When? 10.30-12pm or 3-4.30 on Wednesday 13th & Saturday 16th October
Where? Near Frieze, Regents Park (meeting point on booking).
What to expect?
Tamara and Hermione will introduce us to some of the basics of animal tracking and its history, before working with some exercises developed by trackers around the world to trick and beguile the animals they seek. Using our bodies, things easily found lying around us in the 'wild' of Regents park, Tamara and Hermione will teach us how to shed our human skins, as we behave like animals and start a conversation with the creatures in the park. As we start to look once more as children or young animals the pair will gently introduce us into the magical world of plants, using our senses to identify wild edible plants and flowers that provide us with both food and medicine.
Meet your hosts!
Hermione Spriggs is an artist and researcher exploring ways to access and empathise with other species worlds. She makes objects and experiences that broaden our perception and understanding of what it means to be human. Hermione is currently doing practice-based PhD research with a focus on rural pest control in North Yorkshire, asking how hunters communicate with animals and exploring the relevance of a 'hunting attitude' to ecological art practice. She hosts the collaborative project the Anthropology of Other Animals (“AoOA”), which attempts to elicit extraordinary effects from unpromising materials and explores the hidden links between “craft” and “being crafty.”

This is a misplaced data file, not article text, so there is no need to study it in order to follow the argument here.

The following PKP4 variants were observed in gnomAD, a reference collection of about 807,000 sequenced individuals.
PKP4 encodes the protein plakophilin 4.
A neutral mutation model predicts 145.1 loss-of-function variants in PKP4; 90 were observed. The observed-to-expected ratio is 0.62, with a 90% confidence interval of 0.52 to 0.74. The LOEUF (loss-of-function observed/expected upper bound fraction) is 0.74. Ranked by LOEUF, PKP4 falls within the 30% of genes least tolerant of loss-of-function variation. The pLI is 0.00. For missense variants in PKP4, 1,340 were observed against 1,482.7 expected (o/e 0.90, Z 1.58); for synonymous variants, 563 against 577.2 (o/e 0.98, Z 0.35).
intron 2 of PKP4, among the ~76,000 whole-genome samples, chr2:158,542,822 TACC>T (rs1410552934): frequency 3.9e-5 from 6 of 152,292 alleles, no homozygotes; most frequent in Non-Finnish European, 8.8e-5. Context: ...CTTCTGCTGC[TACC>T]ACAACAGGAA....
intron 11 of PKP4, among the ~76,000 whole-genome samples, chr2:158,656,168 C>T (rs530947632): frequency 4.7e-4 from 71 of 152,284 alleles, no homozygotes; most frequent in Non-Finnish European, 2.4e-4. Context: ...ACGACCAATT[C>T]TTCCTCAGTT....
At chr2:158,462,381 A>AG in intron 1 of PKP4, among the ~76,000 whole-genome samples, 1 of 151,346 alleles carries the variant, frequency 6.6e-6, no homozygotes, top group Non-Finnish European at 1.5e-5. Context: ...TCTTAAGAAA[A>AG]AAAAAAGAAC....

Tamara Colchester is a wild food teacher and writer who guides people in the old ways of foraging as a route to a simpler, more connected way of life. Trained by renowned wild food teacher and author Ffyona Campbell, she now travels the UK reintroducing people to our wild heritage. Incorporating her interest in psychotherapy and healing (she trained at Tavistock & Portman), she specialises in using foraging and tracking techniques as a means of helping those suffering from PTSD, Depression and Anxiety, as well as those who are simply interested in deepening their relationship with their environment and the food we eat.